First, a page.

We should also recognise the many different roles that the Reading Clerk plays. One of Rhodri’s roles was as Clerk of the Overseas Office, where he helped the first two Lord Speakers build their roles as the House’s ambassadors overseas. He also helped the House to deepen its ties with Commonwealth Parliaments and to forge new links elsewhere, most notably with Russia, having organised a very successful visit to Westminster of the President of the Federation Council of the Russian Federation.
Rhodri Walters was also instrumental in the House’s engagement with Parliaments of European Union member states, culminating in organising a very successful meeting of the Association of European Senates last year, when this House played host to the Speakers of 15 European upper Chambers.
Reference has also been made to Rhodri’s recreation. I am told by a former member of his staff—it is right to say that those who worked for him held him in highest regard—that he was able to jump, both feet together, from a floor on to a table. For the past six and a half years, his feet were very firmly under the table except when he was standing up reading. For his loyal service we are very grateful and we wish him well in his retirement.
My Lords, on behalf of my colleagues in the Cross-Bench group I associate myself with the warm and very well deserved tributes already paid to Rhodri Walters. Throughout his career Rhodri displayed a quite remarkable understanding and knowledge of Parliament. Among his many responsibilities he was the clerk to a number of Select Committees. They were far too many to record but I mention just two of what might be called rather controversial Bills. The first became the Constitutional Reform Act, which, among other things, created the role of the Lord Speaker. The second, and more recent, was the Joint Committee on the draft House of Lords Reform Bill. Neither task could possibly be described as being straightforward. The House liked to give Rhodri a real challenge.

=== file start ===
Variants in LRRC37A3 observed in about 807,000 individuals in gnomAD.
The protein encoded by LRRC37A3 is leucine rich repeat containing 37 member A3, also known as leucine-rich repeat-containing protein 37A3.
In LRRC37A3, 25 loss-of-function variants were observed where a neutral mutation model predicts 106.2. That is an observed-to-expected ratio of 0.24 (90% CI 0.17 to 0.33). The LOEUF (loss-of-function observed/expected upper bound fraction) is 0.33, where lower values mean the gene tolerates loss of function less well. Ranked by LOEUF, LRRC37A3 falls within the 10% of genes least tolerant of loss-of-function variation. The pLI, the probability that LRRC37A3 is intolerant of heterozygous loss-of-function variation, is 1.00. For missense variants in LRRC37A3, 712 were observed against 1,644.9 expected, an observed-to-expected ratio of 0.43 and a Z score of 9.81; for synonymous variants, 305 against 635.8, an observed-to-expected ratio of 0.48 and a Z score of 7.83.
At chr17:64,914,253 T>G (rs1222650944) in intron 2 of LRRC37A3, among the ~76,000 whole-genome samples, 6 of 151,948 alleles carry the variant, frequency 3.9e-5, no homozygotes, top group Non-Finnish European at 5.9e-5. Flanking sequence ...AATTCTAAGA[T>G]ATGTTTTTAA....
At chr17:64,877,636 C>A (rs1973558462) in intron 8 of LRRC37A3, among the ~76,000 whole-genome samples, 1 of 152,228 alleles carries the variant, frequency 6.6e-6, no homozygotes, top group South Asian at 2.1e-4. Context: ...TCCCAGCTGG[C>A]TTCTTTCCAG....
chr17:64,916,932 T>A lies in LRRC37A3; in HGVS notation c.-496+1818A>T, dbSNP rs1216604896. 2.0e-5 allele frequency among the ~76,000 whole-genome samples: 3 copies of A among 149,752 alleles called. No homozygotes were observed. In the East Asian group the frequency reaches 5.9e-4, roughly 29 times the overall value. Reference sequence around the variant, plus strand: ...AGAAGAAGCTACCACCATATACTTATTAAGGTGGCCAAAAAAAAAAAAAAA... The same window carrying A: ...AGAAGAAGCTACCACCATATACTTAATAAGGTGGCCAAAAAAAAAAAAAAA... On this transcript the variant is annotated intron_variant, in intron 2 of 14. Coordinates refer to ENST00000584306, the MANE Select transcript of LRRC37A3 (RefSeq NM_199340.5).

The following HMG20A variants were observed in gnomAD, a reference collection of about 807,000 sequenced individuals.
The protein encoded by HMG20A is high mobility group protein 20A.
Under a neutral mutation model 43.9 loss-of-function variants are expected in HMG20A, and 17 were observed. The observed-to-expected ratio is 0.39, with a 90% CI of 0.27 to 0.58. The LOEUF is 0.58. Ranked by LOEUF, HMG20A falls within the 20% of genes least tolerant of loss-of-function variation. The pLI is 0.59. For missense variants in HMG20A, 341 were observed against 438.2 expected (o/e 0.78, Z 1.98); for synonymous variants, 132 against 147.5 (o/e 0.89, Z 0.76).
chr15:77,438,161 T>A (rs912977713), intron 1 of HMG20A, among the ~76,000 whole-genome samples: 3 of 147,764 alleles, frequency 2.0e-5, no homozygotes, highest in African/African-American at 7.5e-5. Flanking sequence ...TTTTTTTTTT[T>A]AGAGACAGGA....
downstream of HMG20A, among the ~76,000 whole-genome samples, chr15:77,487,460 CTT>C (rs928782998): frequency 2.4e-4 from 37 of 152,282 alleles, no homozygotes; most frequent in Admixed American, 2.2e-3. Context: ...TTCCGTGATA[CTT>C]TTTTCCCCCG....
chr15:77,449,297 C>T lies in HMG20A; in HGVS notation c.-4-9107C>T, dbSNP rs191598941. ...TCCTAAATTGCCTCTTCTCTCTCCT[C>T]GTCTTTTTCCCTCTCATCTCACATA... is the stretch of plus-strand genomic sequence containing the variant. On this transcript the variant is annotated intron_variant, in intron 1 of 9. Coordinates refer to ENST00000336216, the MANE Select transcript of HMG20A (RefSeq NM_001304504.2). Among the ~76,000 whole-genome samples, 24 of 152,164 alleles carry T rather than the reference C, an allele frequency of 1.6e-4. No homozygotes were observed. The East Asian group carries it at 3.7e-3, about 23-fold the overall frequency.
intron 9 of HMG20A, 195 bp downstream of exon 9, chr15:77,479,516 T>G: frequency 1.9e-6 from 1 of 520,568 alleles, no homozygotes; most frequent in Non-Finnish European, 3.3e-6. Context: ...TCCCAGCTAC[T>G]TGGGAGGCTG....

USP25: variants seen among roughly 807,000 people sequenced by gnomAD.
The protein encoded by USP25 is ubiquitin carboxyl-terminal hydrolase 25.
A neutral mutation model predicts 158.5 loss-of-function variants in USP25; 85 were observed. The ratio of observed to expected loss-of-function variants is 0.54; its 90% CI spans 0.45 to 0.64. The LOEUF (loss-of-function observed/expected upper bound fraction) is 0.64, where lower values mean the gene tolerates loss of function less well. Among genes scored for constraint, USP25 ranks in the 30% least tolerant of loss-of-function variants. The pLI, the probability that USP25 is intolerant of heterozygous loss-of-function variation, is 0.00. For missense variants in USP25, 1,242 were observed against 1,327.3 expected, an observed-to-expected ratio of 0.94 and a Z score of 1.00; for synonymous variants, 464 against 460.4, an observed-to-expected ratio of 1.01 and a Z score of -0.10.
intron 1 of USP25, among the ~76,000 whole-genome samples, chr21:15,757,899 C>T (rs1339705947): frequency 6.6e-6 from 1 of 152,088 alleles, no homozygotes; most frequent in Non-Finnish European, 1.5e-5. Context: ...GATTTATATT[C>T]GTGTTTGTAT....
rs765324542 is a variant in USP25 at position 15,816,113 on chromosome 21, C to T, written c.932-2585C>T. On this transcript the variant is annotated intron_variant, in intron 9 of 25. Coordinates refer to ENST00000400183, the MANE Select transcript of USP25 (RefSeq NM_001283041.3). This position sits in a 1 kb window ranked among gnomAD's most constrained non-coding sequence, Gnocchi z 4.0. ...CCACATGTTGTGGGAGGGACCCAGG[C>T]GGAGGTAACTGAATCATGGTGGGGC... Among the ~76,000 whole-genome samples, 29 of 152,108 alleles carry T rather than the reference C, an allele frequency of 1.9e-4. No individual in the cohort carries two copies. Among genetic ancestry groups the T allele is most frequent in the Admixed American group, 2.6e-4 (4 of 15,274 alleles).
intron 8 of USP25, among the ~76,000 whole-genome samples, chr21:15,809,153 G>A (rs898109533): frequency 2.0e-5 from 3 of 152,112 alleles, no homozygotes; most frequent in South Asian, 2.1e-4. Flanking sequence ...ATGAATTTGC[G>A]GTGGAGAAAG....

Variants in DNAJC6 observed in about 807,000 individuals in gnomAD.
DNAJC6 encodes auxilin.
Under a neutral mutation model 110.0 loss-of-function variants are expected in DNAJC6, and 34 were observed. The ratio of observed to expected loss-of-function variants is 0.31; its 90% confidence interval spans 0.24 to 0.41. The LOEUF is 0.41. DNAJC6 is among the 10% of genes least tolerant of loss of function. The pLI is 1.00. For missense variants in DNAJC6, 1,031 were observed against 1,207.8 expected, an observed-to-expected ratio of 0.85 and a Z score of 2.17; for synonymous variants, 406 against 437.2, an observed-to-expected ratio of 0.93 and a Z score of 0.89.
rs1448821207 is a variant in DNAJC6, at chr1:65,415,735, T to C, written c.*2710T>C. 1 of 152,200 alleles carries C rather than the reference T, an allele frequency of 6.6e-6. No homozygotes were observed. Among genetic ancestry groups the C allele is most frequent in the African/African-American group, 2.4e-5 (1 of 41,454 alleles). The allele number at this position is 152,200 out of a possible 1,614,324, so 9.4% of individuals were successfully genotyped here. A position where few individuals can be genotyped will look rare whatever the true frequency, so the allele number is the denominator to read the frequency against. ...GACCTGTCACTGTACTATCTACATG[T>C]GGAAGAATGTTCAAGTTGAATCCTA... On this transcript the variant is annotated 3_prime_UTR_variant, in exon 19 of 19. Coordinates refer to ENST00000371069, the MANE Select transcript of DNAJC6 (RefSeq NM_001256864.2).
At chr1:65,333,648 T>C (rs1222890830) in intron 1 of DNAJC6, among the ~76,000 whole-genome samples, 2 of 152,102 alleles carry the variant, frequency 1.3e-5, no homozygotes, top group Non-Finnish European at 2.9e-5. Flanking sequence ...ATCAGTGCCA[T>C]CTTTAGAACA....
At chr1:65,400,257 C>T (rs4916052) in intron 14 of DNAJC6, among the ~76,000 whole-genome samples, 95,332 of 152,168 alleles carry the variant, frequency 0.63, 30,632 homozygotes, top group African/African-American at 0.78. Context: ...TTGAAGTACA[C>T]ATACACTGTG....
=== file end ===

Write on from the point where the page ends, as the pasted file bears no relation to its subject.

Rhodri was a real professional in all that he did, and one who was solidly committed to the service of this House. He can be rightly proud of what he achieved. He takes with him our warmest good wishes and our warm and sincere thanks.
My Lords, I want to associate these Benches with all the remarks made so far. I think that Rhodri Walters introduced more than 200 Members into the House, including the rare distinction of introducing the Archbishop of Canterbury twice—first as Bishop of Durham and then as Archbishop of Canterbury. He may have been able to deal with the Letters Patent in his sleep, except that when a Bishop comes along he is liable to trip up the Reading Clerk as it is a different form of words.
Perfectionist that Rhodri was, three or four weeks ago, when the first of the current flood of new Bishops arrived, he said to me, with a fallen face, “I don’t think I have got it quite right”. I do not think that anyone else had noticed anything other than perfection because he was a perfectionist—a perfectionist in the parliamentary choir and in every aspect of his life. There was always a particular resonance between the Bishops and Rhodri because he is used to looking after bishops as he is a church warden of one of the parishes here in London. As a good church warden, he forgave us our sins when we did not do exactly as we were told.
Motion agreed nemine dissentiente.